I think it's BS that they can board and search my boat for no reason in Muskegon, Michigan. I doubt very much that sailboats are being used to import contraband into Muskegon.
Its fairly common for law enforcement to drop the magazine and pull back the slide on semi-autos just as a safety precaution before going any further. Basic firearm safety practice even on ranges, in shops, etc. Never heard of them playing cat and mouse though.
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Old 08-07-2016, 09:04   #12
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Re: To board or not to board, that is the question

Quote:
Originally Posted by a64pilot View Post
Years ago my Brother was boarded in his 45' Sportfisher by I believe the DEA, I do not think CG, but I was not there.
According to him they would not let him below, were very nasty and completely tore the boat apart, taking every drawer out and dumping contents on floor,and throwing the drawers in the pile, ripping out the mattresses etc.
Then after finding nothing, left, no apology. This was in the 80's where I am sure there were many boats of his type full of drugs in S Fl.

I'm pretty sure they can seize your boat if they so choose, same for your house, your car etc. without evidence. The drug laws are pretty strong.
Don't tug on Superman's cape
Yup, back in the 80s they did have the rap as a bunch of clueless goons except for the sars folks. Most had no previous seagoing experiences. High school buddy became a captain in the CG, was an academy grad. Complained about the quality of recruits and the never ending problems of flack catching for botched boardings, one of which resulted in a little girl loosing her eye sight due to cg personnel throwing things around the boat, one item of which hit her square in the face.
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Old 08-07-2016, 09:06   #13
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Re: To board or not to board, that is the question

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Originally Posted by bruce v View Post
I have been boarded numerous times on many boat over the years and have almost always been asked for permission to board. It seems a courteously, and a show of respect for my person and property. One time, I had an obnoxious appearing oaf tell me he was coming aboard for inspection. I politely told him his party was welcome but he was not. He stood down. Knowing you have the right to be treated with courtesy and an expectation that you should returned in kind goes a long way in making a positive interaction. Also, understand that you can not deny them permission as a whole may be true but you may also limit the number or even individuals you deem offensive. You cannot denied the inspection or search but you may be able to refine the parameters. Of course, if you are hiding something or up to no good, all bets are of and I say you deserve what you get.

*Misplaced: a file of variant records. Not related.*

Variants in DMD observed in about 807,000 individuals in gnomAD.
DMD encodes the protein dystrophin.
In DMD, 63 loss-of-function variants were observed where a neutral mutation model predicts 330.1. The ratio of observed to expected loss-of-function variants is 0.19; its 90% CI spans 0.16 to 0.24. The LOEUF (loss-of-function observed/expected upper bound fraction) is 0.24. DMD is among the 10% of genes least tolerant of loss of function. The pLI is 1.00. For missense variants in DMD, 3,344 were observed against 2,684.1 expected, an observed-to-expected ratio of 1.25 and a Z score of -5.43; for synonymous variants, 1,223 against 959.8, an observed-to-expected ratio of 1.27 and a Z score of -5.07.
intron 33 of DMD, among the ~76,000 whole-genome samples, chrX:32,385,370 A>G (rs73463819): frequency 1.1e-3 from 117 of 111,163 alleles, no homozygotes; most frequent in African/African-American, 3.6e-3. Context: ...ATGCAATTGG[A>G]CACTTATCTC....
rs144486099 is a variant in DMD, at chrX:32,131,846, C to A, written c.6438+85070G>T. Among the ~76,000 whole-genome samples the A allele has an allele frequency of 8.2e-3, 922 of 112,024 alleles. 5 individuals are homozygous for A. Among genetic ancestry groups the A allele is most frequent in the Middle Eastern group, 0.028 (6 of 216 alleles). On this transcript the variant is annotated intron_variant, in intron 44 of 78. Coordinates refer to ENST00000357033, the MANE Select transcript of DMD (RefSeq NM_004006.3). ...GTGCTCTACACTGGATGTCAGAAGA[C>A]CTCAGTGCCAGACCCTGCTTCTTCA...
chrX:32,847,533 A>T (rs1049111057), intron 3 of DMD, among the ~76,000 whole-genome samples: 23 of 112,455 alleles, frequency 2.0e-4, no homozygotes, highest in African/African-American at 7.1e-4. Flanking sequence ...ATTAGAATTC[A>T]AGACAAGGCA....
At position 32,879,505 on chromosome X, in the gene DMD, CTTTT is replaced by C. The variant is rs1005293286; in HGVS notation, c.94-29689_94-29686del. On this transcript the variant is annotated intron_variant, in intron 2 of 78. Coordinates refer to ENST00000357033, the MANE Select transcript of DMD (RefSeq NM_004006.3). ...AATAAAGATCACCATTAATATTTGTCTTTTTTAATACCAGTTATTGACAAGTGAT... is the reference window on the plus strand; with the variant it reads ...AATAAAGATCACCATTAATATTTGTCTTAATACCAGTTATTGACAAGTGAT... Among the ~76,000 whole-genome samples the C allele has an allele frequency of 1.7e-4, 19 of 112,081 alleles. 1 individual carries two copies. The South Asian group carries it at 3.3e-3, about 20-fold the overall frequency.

This is exactly what the constitution prohibits - searches without cause. They aren't supposed to be able to search without reason until they find something. It's too easy to harass someone until they find something and I bet given enough time and enough searches, they could find something on your boat.

The founding fathers didn't want a police state where everyone is guilty until proven innocent.
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Old 08-07-2016, 09:06   #14
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Re: To board or not to board, that is the question

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Originally Posted by siamese View Post

When they left, I got underway, and then went below to check my gun. Not only had they removed the magazine from the gun, they hid the gun and the magazine in two different places. Took me twenty minutes to find them both. I guess they were concerned I was going to launch an attack on them when they departed.
If this is a surprise to you, then I suggest more gun safety courses. Yes, people carry loaded weapons all the time. However, the why of this action should not be a surprise to you.
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Old 08-07-2016, 09:18   #15
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Re: To board or not to board, that is the question

I was first mate for a year and a half aboard a 55-foot ketch on the east coast in the late 70s. Between Florida and Boston we were boarded by USCG four times. Never asked permission, always polite, no dumping out of drawers or the like. They were apparently looking for bales of weed, not small packages.
Re: justification for right to board, there are some big differences between a house and a boat. Your house is not moving around on the public waterways, potentially causing a hazard to navigation. It is not smuggling drugs, guns, or illegal human cargo, or spilling oil or sewage.
Also, if your house is suspected of involvement in criminal activity, it can be searched ( with a search warrant) any time. This is a common occurrence.
Edit: I just saw some recent posts. Basic firearms safety, indeed! If you pick up a gun you don't know, the FIRST THING YOU DO IS: CLEAR IT!! Then you know it's not loaded. Until you do, you don't know. "I didn't think it was loaded.". How many times has this been said after a fatal incident?